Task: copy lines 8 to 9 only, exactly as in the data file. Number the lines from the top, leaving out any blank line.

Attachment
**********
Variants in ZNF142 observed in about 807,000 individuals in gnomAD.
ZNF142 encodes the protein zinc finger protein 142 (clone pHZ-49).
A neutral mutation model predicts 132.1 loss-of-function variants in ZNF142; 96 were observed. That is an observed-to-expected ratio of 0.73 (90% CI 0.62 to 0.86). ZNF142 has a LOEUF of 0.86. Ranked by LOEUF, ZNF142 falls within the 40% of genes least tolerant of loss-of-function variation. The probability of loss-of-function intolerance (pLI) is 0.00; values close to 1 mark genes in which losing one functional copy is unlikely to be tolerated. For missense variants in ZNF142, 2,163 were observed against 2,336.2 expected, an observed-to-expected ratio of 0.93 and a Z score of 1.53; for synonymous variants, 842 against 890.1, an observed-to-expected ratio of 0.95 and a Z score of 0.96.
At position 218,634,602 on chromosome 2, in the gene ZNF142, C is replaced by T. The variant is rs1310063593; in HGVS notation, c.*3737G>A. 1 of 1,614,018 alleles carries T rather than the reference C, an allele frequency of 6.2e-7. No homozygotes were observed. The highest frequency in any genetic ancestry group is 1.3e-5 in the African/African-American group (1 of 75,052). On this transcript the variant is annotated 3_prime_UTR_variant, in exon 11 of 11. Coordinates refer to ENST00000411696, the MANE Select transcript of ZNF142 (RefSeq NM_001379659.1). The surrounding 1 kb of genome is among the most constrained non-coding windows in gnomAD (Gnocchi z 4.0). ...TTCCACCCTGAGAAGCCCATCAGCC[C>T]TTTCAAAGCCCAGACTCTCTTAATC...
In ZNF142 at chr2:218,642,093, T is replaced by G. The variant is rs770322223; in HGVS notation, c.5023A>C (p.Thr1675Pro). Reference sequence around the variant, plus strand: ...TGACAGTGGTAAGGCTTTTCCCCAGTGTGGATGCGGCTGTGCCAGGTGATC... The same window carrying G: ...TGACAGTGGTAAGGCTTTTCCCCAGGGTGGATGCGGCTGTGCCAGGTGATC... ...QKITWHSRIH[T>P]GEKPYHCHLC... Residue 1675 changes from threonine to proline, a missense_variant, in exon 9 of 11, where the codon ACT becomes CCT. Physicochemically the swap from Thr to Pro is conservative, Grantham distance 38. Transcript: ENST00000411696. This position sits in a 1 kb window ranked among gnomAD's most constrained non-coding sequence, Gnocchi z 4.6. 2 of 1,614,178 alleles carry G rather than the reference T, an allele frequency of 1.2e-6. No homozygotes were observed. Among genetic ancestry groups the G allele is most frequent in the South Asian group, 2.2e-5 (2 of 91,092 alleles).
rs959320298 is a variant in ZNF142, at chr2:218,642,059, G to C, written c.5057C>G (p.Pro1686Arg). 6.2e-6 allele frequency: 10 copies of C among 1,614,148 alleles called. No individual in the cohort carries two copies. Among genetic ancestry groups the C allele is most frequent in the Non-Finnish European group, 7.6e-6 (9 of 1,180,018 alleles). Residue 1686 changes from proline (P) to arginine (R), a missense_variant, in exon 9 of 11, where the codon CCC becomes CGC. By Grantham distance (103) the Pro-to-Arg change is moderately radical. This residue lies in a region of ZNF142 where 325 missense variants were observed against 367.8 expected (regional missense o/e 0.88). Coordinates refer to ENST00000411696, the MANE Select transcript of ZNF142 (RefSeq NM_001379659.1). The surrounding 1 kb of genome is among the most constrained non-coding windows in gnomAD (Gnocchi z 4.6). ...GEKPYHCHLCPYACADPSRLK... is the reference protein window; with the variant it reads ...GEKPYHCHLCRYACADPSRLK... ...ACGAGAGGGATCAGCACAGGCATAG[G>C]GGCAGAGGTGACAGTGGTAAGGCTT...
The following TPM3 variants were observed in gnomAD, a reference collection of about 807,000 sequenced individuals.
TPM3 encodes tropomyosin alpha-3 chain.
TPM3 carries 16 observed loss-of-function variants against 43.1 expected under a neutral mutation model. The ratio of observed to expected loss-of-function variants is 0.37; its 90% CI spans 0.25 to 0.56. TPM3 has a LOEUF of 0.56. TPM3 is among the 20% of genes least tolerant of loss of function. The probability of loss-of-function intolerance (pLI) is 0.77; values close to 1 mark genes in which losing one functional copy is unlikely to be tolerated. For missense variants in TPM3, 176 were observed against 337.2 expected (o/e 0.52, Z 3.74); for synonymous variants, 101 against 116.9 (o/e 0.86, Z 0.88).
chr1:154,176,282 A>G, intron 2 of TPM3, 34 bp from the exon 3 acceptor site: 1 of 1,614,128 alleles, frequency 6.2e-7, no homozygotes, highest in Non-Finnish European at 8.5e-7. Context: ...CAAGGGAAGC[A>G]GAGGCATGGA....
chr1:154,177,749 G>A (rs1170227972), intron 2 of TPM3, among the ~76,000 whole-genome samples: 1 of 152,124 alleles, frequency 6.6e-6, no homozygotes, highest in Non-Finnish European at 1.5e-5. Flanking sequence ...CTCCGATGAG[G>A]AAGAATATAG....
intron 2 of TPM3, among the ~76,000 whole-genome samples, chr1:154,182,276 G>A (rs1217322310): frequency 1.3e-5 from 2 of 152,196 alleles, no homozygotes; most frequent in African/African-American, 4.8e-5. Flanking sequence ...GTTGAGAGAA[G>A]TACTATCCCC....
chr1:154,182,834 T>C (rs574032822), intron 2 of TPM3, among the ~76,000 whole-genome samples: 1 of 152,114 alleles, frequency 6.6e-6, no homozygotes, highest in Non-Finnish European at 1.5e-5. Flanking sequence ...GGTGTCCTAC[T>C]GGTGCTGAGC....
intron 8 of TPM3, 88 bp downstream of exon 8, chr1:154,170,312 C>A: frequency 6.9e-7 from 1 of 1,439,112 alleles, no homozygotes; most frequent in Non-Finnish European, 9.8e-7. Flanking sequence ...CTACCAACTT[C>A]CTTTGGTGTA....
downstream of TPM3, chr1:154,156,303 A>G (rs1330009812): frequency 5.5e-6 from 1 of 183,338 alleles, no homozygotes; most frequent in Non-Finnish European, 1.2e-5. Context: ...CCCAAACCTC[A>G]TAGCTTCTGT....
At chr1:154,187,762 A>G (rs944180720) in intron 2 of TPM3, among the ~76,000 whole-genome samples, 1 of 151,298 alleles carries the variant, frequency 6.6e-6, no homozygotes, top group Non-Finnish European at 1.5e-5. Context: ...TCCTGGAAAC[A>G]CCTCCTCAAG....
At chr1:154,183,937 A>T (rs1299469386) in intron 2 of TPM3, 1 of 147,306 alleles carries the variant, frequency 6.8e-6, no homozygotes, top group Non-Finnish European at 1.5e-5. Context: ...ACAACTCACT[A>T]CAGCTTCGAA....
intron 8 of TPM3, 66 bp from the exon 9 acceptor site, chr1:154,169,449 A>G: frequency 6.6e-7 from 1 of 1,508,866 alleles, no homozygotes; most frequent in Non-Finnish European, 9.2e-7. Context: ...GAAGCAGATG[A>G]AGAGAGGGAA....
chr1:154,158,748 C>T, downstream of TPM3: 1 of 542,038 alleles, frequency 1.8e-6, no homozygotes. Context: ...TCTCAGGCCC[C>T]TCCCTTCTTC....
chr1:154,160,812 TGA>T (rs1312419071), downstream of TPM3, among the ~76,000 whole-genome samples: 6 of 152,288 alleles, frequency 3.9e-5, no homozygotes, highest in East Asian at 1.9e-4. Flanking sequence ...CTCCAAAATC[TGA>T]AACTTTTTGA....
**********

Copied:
TPM3 encodes tropomyosin alpha-3 chain.
TPM3 carries 16 observed loss-of-function variants against 43.1 expected under a neutral mutation model. The ratio of observed to expected loss-of-function variants is 0.37; its 90% CI spans 0.25 to 0.56. TPM3 has a LOEUF of 0.56. TPM3 is among the 20% of genes least tolerant of loss of function. The probability of loss-of-function intolerance (pLI) is 0.77; values close to 1 mark genes in which losing one functional copy is unlikely to be tolerated. For missense variants in TPM3, 176 were observed against 337.2 expected (o/e 0.52, Z 3.74); for synonymous variants, 101 against 116.9 (o/e 0.86, Z 0.88).